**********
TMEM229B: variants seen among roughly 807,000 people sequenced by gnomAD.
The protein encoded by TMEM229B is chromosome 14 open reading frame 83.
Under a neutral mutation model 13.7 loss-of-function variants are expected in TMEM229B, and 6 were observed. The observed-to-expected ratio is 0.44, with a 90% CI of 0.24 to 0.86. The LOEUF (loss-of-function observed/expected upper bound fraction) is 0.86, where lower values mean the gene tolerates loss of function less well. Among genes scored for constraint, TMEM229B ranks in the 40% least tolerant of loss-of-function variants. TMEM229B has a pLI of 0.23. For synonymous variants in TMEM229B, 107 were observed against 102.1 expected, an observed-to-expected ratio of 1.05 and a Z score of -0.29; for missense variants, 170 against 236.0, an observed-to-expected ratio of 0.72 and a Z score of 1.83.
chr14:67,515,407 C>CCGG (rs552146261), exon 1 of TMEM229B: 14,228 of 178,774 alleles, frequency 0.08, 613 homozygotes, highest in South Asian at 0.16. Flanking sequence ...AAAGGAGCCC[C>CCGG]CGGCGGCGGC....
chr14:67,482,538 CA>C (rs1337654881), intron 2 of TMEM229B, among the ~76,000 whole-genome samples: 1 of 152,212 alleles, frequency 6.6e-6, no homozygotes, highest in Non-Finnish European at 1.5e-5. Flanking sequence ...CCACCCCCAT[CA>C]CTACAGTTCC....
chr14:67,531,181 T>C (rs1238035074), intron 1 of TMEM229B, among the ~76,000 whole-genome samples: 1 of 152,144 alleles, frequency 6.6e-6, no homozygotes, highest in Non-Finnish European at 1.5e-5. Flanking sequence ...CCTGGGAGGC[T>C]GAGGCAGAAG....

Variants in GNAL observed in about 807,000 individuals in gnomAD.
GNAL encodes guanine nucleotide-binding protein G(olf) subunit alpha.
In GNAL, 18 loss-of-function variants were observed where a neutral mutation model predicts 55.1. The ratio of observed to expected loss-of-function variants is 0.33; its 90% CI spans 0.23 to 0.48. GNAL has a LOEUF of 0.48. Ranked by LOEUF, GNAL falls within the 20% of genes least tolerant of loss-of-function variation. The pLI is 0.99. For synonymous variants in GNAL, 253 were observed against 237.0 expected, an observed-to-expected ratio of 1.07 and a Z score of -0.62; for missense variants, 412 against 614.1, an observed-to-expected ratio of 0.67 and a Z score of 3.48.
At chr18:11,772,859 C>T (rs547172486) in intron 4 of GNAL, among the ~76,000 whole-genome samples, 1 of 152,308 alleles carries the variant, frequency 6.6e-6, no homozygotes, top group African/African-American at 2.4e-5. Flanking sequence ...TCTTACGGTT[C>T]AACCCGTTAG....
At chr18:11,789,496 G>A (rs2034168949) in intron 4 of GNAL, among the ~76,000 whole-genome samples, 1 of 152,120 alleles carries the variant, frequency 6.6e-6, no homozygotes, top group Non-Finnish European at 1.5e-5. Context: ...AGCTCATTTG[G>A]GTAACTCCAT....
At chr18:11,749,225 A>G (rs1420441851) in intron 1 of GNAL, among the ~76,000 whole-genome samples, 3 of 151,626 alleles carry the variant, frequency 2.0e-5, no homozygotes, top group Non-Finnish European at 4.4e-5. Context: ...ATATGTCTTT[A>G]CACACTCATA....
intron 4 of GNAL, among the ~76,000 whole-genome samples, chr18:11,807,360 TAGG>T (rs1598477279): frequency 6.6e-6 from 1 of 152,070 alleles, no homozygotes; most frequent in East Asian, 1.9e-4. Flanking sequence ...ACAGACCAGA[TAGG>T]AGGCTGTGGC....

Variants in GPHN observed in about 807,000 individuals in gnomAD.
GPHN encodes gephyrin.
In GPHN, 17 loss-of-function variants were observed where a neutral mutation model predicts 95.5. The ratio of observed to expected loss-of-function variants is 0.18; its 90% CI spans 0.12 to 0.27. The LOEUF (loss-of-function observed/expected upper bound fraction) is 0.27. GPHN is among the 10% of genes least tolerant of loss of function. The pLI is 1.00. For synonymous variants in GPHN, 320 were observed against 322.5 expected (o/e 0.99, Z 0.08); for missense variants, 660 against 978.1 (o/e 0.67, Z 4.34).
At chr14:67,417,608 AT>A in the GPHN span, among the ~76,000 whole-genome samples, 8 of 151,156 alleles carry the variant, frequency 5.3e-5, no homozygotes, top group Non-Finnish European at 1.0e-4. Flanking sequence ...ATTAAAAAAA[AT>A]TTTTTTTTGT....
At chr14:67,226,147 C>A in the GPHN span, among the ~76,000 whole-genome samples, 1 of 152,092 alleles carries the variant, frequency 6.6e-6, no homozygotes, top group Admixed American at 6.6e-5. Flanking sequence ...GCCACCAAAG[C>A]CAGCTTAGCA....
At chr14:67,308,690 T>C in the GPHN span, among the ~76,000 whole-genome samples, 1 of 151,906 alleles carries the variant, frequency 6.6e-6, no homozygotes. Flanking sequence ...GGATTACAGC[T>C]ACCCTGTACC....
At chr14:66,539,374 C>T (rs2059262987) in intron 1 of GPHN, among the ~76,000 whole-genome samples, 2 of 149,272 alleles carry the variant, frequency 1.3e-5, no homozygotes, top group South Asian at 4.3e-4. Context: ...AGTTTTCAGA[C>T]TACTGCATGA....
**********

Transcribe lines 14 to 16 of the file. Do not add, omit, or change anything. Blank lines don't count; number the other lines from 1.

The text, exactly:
Variants in GPHN observed in about 807,000 individuals in gnomAD.
GPHN encodes gephyrin.
In GPHN, 17 loss-of-function variants were observed where a neutral mutation model predicts 95.5. The ratio of observed to expected loss-of-function variants is 0.18; its 90% CI spans 0.12 to 0.27. The LOEUF (loss-of-function observed/expected upper bound fraction) is 0.27. GPHN is among the 10% of genes least tolerant of loss of function. The pLI is 1.00. For synonymous variants in GPHN, 320 were observed against 322.5 expected (o/e 0.99, Z 0.08); for missense variants, 660 against 978.1 (o/e 0.67, Z 4.34).